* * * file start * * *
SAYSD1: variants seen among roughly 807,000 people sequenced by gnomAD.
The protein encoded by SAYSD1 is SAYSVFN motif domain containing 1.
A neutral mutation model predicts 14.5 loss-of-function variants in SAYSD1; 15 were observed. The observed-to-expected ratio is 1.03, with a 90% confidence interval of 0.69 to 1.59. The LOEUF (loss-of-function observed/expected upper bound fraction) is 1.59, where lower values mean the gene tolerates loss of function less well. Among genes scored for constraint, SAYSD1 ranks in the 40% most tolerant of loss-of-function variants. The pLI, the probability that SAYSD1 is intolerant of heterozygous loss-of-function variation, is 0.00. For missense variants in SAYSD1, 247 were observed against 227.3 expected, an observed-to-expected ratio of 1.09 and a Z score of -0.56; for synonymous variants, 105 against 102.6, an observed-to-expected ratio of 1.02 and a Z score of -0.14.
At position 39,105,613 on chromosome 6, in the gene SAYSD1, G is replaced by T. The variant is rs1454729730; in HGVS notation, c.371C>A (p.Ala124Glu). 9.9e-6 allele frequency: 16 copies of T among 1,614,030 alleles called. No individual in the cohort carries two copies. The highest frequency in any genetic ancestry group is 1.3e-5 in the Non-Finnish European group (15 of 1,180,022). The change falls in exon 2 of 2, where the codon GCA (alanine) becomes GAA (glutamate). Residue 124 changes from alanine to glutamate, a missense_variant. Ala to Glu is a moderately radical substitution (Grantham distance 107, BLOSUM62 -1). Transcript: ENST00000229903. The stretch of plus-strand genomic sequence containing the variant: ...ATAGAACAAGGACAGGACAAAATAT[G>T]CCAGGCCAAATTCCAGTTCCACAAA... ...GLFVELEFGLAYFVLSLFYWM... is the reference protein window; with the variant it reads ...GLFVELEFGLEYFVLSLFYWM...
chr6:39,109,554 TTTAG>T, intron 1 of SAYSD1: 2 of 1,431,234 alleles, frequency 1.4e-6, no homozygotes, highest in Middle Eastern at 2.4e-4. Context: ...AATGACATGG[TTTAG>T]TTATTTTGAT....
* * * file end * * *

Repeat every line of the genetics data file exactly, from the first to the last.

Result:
SAYSD1: variants seen among roughly 807,000 people sequenced by gnomAD.
The protein encoded by SAYSD1 is SAYSVFN motif domain containing 1.
A neutral mutation model predicts 14.5 loss-of-function variants in SAYSD1; 15 were observed. The observed-to-expected ratio is 1.03, with a 90% confidence interval of 0.69 to 1.59. The LOEUF (loss-of-function observed/expected upper bound fraction) is 1.59, where lower values mean the gene tolerates loss of function less well. Among genes scored for constraint, SAYSD1 ranks in the 40% most tolerant of loss-of-function variants. The pLI, the probability that SAYSD1 is intolerant of heterozygous loss-of-function variation, is 0.00. For missense variants in SAYSD1, 247 were observed against 227.3 expected, an observed-to-expected ratio of 1.09 and a Z score of -0.56; for synonymous variants, 105 against 102.6, an observed-to-expected ratio of 1.02 and a Z score of -0.14.
At position 39,105,613 on chromosome 6, in the gene SAYSD1, G is replaced by T. The variant is rs1454729730; in HGVS notation, c.371C>A (p.Ala124Glu). 9.9e-6 allele frequency: 16 copies of T among 1,614,030 alleles called. No individual in the cohort carries two copies. The highest frequency in any genetic ancestry group is 1.3e-5 in the Non-Finnish European group (15 of 1,180,022). The change falls in exon 2 of 2, where the codon GCA (alanine) becomes GAA (glutamate). Residue 124 changes from alanine to glutamate, a missense_variant. Ala to Glu is a moderately radical substitution (Grantham distance 107, BLOSUM62 -1). Transcript: ENST00000229903. The stretch of plus-strand genomic sequence containing the variant: ...ATAGAACAAGGACAGGACAAAATAT[G>T]CCAGGCCAAATTCCAGTTCCACAAA... ...GLFVELEFGLAYFVLSLFYWM... is the reference protein window; with the variant it reads ...GLFVELEFGLEYFVLSLFYWM...
chr6:39,109,554 TTTAG>T, intron 1 of SAYSD1: 2 of 1,431,234 alleles, frequency 1.4e-6, no homozygotes, highest in Middle Eastern at 2.4e-4. Context: ...AATGACATGG[TTTAG>T]TTATTTTGAT....